Pregnancy Nausea Drug Harmless for FetusesEditor's Choice
Main Category: Pregnancy / Obstetrics
Also Included In: Pediatrics / Children's Health
Article Date: 01 Mar 2013 - 2:00 PST
Pregnancy Nausea Drug Harmless for Fetuses
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A large study on the pregnancy nausea drug, Ondansetron, found that its use does not harm the developing embryo or fetus, researchers from the State Serum Institute in Copenhagen, Denmark reported in NEJM (New England Journal of Medicine).
The authors explained that Ondansetron, a drug used for vomiting and nausea, has been used increasingly in pregnancy over the last few years. There had been growing concern among pregnant mothers and health care professionals regarding its safety for the developing baby. Some wondered whether its usage might increase the risk of cleft palate.
The authors said pregnant mothers and their partners should feel reassured that they found no evidence of any detrimental effect on the fetus.
Lead researcher, Björn Pasternak, MD, PhD., said:
"We know that ondansetron (marketed in Denmark under the trade names Ondansetron and Zofran) is prescribed to pregnant women who experience nausea and vomiting in pregnancy ("morning sickness"), at least those with severe symptoms. We also know that the use of this drug in pregnancy has increased in recent years.
However, no one has looked into whether ondansetron is safe to use in pregnancy. That is, prior to our study, it was unknown whether this medication damages the fetus."
Registry-based studyDr. Pasternak and team gathered nationwide registries and identified all pregnant mothers in Denmark from 2004 through 2011. Women who took Ondansetron were matched with females who did not take it, but were otherwise of the same age, had similar pregnancy histories, medical conditions and other characteristics.
They identified a total of 1,970 women who had used ondansetron while pregnant. 1,233 of them used ondansetron during the first three months of their pregnancy - during this period the embryo/fetus is most sensitive to insults that may result in congenital malformations.
No evidence of increased risk of adverse effectsDr. Pasternak and team wrote that in the statistical analyses they could not find any evidence of adverse effects to the child from ondansetron. They found no link between the medication and:
- major birth defects
- preterm delivery
- any risk of fetal growth restriction
"Although these results cannot definitively rule out the possibility of adverse effects in association with ondansetron, the results do provide reassurance regarding the use of this agent for nausea and vomiting in pregnancy."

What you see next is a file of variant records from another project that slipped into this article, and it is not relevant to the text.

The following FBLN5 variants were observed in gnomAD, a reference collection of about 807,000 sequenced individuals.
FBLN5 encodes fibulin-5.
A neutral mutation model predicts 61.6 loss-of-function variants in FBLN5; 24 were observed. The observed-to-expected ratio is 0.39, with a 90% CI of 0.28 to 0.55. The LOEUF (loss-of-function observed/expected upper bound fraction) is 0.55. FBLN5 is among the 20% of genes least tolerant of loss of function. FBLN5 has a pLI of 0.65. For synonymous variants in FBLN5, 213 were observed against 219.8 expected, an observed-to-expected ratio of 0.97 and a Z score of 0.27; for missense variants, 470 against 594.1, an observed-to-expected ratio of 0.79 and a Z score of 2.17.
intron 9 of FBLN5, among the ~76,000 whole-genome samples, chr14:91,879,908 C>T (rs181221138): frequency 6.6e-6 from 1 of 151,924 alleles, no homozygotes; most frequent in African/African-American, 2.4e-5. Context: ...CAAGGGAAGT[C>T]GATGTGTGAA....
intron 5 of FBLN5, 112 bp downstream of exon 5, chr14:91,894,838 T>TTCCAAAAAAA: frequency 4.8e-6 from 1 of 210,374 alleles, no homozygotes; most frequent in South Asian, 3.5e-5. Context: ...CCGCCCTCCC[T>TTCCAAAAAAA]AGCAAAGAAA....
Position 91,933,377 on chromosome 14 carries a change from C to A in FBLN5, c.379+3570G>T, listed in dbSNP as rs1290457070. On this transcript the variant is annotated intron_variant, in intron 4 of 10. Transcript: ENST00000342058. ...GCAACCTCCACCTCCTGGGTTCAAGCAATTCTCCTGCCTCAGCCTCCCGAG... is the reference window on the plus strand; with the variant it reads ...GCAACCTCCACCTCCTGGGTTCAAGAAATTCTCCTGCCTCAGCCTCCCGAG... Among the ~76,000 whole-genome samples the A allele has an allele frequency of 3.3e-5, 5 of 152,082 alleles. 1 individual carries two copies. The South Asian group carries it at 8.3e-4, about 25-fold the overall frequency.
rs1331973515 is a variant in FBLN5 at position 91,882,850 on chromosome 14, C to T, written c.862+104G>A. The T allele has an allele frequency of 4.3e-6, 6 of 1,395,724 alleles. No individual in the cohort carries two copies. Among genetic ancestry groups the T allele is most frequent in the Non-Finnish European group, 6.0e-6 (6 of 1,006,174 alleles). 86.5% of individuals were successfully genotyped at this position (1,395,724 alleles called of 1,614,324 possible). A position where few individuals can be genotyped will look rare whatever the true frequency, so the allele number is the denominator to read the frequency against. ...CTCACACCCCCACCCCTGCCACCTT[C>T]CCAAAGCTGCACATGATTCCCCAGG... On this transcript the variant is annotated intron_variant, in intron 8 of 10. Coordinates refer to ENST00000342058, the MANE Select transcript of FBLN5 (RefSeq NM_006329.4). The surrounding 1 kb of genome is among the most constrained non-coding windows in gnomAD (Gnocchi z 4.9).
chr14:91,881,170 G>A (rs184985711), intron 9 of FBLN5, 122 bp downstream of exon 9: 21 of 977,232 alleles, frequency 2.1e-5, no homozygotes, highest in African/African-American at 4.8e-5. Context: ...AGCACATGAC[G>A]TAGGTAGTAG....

The study was funded by the Danish Medical Research Council.
In January 1991 Ondansetron (Zofran) was approved by the FDA. GSK (GlaxoSmithKline), which at the time was called simply Glaxo, gained a patent extension and had US exclusivity until December 24th, 2006. In December 2006, the FDA approved the first generic versions of ondansetron.
In 2008, researchers from the University of North Carolina at Chapel Hill showed that ondansetron helps reduce vomiting and the need for intravenous fluids and hospitalizations in children with acute gastroenteritis.
What is morning sickness?Morning sickness, which is also known as nausea gravidarum, emesis gravidarum, or pregnancy sickness, affects over half of all pregnant mothers. Symptoms may appear in the early hours of the morning and reduce as the day progresses, hence the name. In some cases, the symptoms of nausea and vomiting persist all day long.
Typically, most women start feeling better by about the 12th week of their pregnancy.
The symptoms of morning sickness are associated with increased estrogen levels, experts believe. Some women who use hormonal contraception or HRT (hormone replacement therapy) experience a similar kind of nausea.
In mild cases the mother feels slightly nauseous but manages to hold her food down. In moderate to severe cases there is also vomiting. Women with very severe morning sickness - hyperemesis gravidarum - can become dehydrated, lose weight, and develop alkalosis and hypokalemia. Hyperemesis gravidarum occurs in approximately 1% of all pregnancies.
Written by Christian Nordqvist
Copyright: Medical News Today
Not to be reproduced without permission of Medical News Today
Björn Pasternak, M.D., Ph.D., Henrik Svanström, M.Sc., and Anders Hviid, Dr.Med.Sci.
N Engl J Med 2013; 368:814-823 February 28, 2013 DOI: 10.1056/NEJMoa1211035
22 May. 2013. <http://www.medicalnewstoday.com/articles/257060.php>
Please note: If no author information is provided, the source is cited instead.
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